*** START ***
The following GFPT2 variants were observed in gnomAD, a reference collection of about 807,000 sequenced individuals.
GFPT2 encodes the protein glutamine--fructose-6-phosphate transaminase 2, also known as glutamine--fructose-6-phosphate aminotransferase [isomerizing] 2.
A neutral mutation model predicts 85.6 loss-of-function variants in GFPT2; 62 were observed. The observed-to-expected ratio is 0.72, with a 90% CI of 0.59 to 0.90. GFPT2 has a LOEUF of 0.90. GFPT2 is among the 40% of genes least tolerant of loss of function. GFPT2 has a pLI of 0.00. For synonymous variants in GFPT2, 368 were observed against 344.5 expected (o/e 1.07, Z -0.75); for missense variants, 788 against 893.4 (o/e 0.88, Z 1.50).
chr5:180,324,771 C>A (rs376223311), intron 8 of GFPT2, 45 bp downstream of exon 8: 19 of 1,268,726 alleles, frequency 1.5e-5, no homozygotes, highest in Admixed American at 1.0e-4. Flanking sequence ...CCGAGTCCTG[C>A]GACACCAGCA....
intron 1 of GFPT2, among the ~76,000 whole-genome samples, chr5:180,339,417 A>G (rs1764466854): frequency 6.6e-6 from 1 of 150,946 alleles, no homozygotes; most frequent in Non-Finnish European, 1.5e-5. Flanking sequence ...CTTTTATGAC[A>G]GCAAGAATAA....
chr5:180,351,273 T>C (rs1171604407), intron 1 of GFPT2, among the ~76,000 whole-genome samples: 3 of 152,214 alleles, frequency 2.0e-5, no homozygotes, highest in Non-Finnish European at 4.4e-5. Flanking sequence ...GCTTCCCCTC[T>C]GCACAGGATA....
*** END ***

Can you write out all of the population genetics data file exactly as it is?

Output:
The following GFPT2 variants were observed in gnomAD, a reference collection of about 807,000 sequenced individuals.
GFPT2 encodes the protein glutamine--fructose-6-phosphate transaminase 2, also known as glutamine--fructose-6-phosphate aminotransferase [isomerizing] 2.
A neutral mutation model predicts 85.6 loss-of-function variants in GFPT2; 62 were observed. The observed-to-expected ratio is 0.72, with a 90% CI of 0.59 to 0.90. GFPT2 has a LOEUF of 0.90. GFPT2 is among the 40% of genes least tolerant of loss of function. GFPT2 has a pLI of 0.00. For synonymous variants in GFPT2, 368 were observed against 344.5 expected (o/e 1.07, Z -0.75); for missense variants, 788 against 893.4 (o/e 0.88, Z 1.50).
chr5:180,324,771 C>A (rs376223311), intron 8 of GFPT2, 45 bp downstream of exon 8: 19 of 1,268,726 alleles, frequency 1.5e-5, no homozygotes, highest in Admixed American at 1.0e-4. Flanking sequence ...CCGAGTCCTG[C>A]GACACCAGCA....
intron 1 of GFPT2, among the ~76,000 whole-genome samples, chr5:180,339,417 A>G (rs1764466854): frequency 6.6e-6 from 1 of 150,946 alleles, no homozygotes; most frequent in Non-Finnish European, 1.5e-5. Flanking sequence ...CTTTTATGAC[A>G]GCAAGAATAA....
chr5:180,351,273 T>C (rs1171604407), intron 1 of GFPT2, among the ~76,000 whole-genome samples: 3 of 152,214 alleles, frequency 2.0e-5, no homozygotes, highest in Non-Finnish European at 4.4e-5. Flanking sequence ...GCTTCCCCTC[T>C]GCACAGGATA....